I quilted with a light tan 50-weight Aurofil thread; it blended with the lights and will sink into the darks after the quilts are washed.

I used a meander for each; it worked well except on prints with a high proportion of dark background.

I had this square finished before I realized the problem. So I tried for the look of water on the rest.

The 4 squares in these quilts are the very last of my bridge fabric. I hate to see it gone.

ETA: 1603 were picked up at the December meeting; the rest had trickled in over the year. And joining Confessions of a Fabric Addict for a Whoop Whoop

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Toy and Joy Time

Toy and Joy month snuck up on me, and I hadn’t prepared ahead even though I always think I will start early. The only start I had was the tops for two doll quilts that were my leaders and enders at a summer retreat. These are now finished.

They are made from mini charm packs that we got in swag.  Bordered they are ~16 x 16. The quilting doesn’t show well in the photos. The brownish one is diagonal lines and the blue one concentric circles.  However, I don’t recommend the circle quilting for a quilt that has been stitched to the back and turned.  Even with a walking foot, the fabric bunched up.  I don’t think the doll or child will mind this time, but I’d not do it again. The backs are minky fabric, and I still haven’t used up the leftovers. So I guess I’ll be making doll quilts next year till it is gone.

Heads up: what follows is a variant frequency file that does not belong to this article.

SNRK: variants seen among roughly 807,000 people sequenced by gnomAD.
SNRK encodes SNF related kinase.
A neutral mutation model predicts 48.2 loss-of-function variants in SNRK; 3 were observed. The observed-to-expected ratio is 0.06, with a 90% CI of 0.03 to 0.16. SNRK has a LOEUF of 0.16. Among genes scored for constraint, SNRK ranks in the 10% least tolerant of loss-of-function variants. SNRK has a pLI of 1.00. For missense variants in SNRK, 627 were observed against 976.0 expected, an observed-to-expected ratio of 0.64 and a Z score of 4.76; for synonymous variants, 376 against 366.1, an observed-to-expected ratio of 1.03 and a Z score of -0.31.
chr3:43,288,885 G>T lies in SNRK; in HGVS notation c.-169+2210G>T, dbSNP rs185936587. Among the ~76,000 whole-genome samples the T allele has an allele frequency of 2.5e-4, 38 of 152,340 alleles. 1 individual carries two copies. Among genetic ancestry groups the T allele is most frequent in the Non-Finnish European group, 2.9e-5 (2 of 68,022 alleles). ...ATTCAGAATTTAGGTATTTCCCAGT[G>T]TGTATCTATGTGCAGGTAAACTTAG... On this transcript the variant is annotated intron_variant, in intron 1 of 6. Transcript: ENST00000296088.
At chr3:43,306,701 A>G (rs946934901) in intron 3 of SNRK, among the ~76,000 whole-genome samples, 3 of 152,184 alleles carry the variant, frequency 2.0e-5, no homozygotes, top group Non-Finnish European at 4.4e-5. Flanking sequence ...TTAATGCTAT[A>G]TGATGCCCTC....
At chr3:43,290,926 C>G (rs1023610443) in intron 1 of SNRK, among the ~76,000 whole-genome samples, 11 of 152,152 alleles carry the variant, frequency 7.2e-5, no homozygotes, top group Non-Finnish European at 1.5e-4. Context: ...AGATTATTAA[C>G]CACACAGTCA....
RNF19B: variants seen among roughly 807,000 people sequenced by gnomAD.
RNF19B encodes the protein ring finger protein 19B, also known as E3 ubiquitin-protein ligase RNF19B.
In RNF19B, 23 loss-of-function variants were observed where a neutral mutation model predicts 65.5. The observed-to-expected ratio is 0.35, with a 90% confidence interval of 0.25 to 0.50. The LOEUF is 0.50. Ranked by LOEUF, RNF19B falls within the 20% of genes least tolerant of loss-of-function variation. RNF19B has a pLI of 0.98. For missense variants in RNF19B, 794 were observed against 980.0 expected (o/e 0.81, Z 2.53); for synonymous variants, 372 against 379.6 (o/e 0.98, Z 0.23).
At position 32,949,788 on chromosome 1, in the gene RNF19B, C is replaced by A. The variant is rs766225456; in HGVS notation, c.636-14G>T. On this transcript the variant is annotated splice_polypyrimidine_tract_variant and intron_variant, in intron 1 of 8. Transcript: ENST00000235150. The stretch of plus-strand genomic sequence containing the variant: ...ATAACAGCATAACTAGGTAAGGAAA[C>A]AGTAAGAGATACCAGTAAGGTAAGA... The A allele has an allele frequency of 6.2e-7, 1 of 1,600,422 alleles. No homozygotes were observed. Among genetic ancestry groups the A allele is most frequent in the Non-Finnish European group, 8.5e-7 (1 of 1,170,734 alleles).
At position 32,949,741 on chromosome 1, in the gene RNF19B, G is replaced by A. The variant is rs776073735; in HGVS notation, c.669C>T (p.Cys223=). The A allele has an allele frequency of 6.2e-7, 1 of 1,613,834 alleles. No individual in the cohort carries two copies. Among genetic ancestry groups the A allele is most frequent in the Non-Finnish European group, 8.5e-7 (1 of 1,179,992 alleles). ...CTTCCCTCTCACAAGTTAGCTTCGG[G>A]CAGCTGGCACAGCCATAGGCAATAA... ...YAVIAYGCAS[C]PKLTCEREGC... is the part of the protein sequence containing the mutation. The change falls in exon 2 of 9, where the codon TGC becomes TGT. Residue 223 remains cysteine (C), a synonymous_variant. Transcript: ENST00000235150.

However, I’ve shifted my focus to the baby quilts because of the fire fighters running out last year. Seems the need is greater for them.  The baby quilts are used beyond Toy and Joy time when fire fighters have to remove babies from burning homes.

So I have one finished and four more tops ready to sandwich and quilt.

baby 1

Over the year I’d cut scraps into various sized squares.  These are the 6 1/2 inch squares that easily make a 36 x 36 quilt. I use the term “scrap” somewhat loosely to include fairly large left over pieces that could be called yardage. But if I have no further planned use for them, they are scraps to me. That is how I get many matching squares–however almost never the requisite 18. Quilting is a simple meander.

Linking with the Friday finish blogs and Oh Scrap (buttons in sidebar) and Let’s Make Baby Quilts. Now excuse me while I get back to finishing the last 4.